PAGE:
December 2013

I’ve been rather unpredictable in my blog posts lately, mainly because I used to write them on Friday evenings as a review of what I’d done during the ‘normal working week’ (Show me a scholar who works a normal working week?  No? No, me neither…), but since the summer the whole family has been going to choir practice on a Friday evening.  That has thrown out my blogging routine completely and it has yet to settle in to a new one.  My child-free time (the school day) is so precious for work that I’m loathe to use it to write the blog.

Anyway, the other reason that I haven’t given many reports on what I’ve been doing lately is because I haven’t been doing all that much work.  It doesn’t seem all that interesting to report that I’ve read a few books.  I finally finished Steve Hindle’s The State and Social Change in Early Modern England.  I started on it before I had my nasty infection, which finally forced me to take a day or two off to recover, then I finished off and submitted the article I’d been writing.  When I went back to work I started reading Ethan Shagan on Popular Politics and the English Reformation.  My supervisor asked me what I thought about the Hindle monograph, I confidently gave a reply, he asked if I’d finished reading it, I said ‘yes’ and then as the conversation progressed I began to doubt myself…  When I hung up the phone, I went and picked the book up and, sure enough, I was only half way through.   So that put the wind up me.  I genuinely thought I’d finished it.  I had finished it by the end of the next day!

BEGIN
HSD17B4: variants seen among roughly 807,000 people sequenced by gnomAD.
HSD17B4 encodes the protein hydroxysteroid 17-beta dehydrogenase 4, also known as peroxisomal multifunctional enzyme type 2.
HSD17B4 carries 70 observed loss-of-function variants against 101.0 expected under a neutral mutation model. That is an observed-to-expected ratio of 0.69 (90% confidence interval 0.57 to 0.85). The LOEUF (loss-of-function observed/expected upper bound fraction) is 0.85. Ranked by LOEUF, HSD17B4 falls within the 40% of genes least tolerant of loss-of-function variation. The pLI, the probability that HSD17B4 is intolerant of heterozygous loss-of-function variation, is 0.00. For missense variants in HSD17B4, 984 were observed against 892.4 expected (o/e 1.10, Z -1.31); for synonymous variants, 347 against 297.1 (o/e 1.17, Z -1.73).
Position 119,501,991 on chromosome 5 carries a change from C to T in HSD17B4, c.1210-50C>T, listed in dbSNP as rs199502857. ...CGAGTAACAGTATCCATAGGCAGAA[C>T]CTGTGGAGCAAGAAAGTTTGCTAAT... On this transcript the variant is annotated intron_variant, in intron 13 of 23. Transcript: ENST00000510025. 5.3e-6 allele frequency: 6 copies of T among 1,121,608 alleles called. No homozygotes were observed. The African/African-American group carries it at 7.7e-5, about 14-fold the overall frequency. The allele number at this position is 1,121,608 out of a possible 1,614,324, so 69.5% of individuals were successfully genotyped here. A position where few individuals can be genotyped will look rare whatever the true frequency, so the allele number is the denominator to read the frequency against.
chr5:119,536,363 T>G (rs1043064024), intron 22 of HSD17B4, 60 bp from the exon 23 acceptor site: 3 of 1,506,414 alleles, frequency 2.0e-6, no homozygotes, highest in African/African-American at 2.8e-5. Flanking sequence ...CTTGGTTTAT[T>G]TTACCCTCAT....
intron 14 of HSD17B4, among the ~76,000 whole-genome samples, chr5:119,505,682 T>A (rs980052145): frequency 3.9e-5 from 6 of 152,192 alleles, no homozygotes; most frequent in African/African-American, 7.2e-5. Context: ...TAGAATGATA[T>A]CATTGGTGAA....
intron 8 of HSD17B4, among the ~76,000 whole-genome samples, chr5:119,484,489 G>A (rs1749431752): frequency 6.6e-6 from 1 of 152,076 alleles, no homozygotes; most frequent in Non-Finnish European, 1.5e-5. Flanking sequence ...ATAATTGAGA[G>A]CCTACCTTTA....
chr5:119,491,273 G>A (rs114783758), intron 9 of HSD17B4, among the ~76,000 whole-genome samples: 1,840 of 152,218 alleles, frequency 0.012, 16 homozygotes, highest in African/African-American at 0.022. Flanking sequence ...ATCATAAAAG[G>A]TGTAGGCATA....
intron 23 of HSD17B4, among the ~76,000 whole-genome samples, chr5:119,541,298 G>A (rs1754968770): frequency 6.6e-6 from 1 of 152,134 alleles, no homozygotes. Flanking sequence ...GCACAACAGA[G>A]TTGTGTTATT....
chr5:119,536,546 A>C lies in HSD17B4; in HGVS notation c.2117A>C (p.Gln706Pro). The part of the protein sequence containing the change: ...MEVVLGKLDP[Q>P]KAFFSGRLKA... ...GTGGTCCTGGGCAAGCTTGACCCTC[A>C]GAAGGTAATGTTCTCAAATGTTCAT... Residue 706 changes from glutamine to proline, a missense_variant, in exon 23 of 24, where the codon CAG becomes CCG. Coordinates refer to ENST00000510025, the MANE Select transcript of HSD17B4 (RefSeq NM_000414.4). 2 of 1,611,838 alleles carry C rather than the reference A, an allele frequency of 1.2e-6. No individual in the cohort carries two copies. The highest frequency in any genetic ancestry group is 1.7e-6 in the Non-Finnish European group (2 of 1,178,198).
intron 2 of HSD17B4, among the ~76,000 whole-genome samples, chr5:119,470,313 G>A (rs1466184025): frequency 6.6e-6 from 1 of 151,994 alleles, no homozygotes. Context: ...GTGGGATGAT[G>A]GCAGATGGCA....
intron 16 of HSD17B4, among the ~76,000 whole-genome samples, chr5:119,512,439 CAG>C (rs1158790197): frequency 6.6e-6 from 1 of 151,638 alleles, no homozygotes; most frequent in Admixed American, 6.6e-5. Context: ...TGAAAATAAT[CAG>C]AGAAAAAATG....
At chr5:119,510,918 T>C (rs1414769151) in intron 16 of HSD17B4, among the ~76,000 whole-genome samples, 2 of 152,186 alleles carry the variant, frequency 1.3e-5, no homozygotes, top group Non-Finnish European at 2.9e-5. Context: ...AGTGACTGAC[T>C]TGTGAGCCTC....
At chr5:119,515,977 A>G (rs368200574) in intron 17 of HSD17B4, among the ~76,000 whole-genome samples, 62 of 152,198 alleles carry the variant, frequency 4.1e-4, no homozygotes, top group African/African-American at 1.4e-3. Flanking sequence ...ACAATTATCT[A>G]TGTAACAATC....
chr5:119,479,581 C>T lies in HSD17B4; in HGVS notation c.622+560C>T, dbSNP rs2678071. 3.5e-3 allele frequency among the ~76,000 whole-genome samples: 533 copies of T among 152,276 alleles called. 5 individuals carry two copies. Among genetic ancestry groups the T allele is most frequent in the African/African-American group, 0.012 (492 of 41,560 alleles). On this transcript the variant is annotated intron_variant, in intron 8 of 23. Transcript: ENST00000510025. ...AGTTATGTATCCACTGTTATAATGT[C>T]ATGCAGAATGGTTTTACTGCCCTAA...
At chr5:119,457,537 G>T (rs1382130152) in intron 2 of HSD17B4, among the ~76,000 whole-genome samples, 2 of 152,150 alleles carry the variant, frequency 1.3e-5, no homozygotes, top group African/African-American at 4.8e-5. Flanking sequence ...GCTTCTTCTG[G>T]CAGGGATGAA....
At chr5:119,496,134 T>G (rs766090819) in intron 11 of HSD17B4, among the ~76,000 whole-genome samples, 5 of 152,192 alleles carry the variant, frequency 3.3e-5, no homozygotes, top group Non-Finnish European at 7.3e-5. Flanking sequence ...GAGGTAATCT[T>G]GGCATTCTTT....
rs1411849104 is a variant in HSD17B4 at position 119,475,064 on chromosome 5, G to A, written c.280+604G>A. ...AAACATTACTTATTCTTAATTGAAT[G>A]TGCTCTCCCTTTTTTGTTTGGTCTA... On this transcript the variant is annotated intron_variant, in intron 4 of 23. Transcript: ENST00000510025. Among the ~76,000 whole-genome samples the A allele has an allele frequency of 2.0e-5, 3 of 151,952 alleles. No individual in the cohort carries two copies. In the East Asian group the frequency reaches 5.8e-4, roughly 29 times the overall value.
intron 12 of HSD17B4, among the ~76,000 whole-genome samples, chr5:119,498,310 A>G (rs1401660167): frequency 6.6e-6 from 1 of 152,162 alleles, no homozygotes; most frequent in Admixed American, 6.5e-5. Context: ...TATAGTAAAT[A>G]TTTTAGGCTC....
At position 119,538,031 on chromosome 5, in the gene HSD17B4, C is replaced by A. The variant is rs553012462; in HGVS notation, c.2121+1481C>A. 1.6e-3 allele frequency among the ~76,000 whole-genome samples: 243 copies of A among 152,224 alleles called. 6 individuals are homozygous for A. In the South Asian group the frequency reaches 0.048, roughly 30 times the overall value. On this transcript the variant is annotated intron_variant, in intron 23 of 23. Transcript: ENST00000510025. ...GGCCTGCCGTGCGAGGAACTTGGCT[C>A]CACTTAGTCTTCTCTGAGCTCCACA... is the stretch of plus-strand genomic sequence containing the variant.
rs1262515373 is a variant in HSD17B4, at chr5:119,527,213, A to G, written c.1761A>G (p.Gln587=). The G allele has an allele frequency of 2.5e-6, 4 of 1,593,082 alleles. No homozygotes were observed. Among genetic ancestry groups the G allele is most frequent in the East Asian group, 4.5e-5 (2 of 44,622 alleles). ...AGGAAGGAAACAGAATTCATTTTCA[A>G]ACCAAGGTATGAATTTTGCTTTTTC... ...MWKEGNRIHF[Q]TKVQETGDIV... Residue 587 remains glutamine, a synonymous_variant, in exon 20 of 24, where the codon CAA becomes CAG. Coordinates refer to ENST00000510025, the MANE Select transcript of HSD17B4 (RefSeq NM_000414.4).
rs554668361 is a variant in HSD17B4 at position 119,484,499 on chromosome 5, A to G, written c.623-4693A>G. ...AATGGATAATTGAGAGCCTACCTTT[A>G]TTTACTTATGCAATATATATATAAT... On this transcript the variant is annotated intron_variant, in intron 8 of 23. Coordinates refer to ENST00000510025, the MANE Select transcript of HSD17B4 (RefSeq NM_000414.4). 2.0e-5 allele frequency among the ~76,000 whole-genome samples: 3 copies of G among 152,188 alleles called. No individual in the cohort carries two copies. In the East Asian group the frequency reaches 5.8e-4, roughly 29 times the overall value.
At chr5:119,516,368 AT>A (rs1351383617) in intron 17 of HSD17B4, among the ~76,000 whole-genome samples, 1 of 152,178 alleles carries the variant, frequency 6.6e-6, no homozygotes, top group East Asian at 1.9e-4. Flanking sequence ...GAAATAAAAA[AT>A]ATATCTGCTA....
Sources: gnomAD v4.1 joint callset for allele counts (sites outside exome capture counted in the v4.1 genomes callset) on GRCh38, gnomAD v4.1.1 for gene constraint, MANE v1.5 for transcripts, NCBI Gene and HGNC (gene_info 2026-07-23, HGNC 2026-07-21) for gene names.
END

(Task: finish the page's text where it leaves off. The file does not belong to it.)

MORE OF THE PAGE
I catalogued 50 more ballads.

I organised another research trip to the British Library for January.

I had yet another telephone conversation about the abandoned common weal chapter, another ‘wobble’.   It was a conversation with my husband that gave me the starting point that sent me running to my study to grab a notebook and start scribbling ideas.  He unwittingly found me the angle I’ve been missing for the last 2 months and I filled a couple of pages with scribblings about how to turn the disparate ideas into something resembling a chapter.  I then had only a few days before the children finished school for Christmas in which to get started.  I decided to write a plan for the chapter and develop it from there.  So at the moment I have a file on my computer called ‘Developed Chapter Plan’ which lists in order all the points I want to make.  It includes a chunk of writing I’d already done on some manuscript miscellanies and several useful primary and secondary quotations that I’d already come across.  My intention is for the chapter to grow from the plan.